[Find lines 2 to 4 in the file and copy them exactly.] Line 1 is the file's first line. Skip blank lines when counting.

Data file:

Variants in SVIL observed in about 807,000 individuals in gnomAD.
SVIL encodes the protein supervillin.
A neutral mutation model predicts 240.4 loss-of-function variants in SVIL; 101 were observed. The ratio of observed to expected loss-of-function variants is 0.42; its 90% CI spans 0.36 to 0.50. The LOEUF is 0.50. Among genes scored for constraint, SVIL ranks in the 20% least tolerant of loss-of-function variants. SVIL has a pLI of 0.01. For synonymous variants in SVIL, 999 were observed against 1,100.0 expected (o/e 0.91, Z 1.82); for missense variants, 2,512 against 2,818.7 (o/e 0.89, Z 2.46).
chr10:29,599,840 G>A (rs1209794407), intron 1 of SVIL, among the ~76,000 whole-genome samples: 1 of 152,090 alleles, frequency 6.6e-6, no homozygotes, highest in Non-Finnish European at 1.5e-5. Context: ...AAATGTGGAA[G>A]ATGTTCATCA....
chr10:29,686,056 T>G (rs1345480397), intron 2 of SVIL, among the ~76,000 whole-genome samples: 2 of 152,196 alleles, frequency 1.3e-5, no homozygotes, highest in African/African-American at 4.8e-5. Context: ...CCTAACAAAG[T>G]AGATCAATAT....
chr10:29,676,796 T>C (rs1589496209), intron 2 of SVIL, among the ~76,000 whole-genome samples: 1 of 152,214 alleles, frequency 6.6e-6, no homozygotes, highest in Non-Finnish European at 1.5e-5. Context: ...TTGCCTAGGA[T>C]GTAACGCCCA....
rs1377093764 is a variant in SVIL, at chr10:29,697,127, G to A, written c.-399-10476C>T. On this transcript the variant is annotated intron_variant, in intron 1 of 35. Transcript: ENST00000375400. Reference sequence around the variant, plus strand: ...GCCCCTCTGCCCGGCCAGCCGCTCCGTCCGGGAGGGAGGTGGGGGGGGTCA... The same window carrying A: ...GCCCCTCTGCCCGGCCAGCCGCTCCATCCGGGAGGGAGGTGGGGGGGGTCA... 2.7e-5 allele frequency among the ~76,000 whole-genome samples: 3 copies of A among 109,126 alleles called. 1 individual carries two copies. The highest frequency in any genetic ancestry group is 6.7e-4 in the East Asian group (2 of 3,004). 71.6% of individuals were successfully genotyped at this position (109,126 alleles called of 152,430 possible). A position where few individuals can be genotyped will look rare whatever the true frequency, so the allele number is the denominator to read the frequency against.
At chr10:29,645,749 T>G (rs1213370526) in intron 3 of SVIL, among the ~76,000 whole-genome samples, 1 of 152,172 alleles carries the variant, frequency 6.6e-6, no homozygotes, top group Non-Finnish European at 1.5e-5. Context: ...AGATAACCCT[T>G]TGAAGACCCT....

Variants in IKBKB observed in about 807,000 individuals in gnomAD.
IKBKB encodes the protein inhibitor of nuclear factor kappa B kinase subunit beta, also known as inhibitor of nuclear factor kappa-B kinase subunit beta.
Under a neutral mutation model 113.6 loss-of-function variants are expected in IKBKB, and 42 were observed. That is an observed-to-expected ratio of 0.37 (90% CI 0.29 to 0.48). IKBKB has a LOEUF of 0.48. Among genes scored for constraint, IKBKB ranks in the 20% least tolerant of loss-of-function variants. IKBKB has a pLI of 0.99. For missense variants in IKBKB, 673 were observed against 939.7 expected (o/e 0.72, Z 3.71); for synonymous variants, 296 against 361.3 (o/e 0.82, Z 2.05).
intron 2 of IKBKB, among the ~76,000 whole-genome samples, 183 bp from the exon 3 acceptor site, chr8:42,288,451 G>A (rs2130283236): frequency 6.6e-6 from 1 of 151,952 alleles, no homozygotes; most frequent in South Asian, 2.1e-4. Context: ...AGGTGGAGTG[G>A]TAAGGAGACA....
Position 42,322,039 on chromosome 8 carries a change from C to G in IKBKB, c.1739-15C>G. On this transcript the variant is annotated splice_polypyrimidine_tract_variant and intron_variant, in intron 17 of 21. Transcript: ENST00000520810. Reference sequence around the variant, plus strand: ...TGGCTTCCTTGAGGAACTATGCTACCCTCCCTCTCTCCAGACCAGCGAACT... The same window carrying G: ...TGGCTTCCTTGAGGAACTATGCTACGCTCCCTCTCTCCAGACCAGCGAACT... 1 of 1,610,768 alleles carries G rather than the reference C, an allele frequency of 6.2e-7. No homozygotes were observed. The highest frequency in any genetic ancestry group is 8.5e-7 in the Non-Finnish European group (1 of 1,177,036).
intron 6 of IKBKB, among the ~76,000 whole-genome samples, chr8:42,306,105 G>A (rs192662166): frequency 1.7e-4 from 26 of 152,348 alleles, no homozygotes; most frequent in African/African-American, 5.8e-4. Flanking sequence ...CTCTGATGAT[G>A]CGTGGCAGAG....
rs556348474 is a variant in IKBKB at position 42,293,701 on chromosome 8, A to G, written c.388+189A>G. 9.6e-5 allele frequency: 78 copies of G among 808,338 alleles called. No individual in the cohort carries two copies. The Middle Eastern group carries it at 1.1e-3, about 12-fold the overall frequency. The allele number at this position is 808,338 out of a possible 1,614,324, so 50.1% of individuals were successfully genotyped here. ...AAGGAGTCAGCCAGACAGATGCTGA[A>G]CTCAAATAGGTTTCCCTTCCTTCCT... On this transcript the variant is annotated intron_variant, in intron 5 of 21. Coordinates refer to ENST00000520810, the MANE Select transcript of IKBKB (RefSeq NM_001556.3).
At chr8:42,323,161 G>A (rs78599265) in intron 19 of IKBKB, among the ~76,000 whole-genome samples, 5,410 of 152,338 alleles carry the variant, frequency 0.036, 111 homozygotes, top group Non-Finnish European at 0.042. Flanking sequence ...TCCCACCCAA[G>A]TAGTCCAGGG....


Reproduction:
SVIL encodes the protein supervillin.
A neutral mutation model predicts 240.4 loss-of-function variants in SVIL; 101 were observed. The ratio of observed to expected loss-of-function variants is 0.42; its 90% CI spans 0.36 to 0.50. The LOEUF is 0.50. Among genes scored for constraint, SVIL ranks in the 20% least tolerant of loss-of-function variants. SVIL has a pLI of 0.01. For synonymous variants in SVIL, 999 were observed against 1,100.0 expected (o/e 0.91, Z 1.82); for missense variants, 2,512 against 2,818.7 (o/e 0.89, Z 2.46).
chr10:29,599,840 G>A (rs1209794407), intron 1 of SVIL, among the ~76,000 whole-genome samples: 1 of 152,090 alleles, frequency 6.6e-6, no homozygotes, highest in Non-Finnish European at 1.5e-5. Context: ...AAATGTGGAA[G>A]ATGTTCATCA....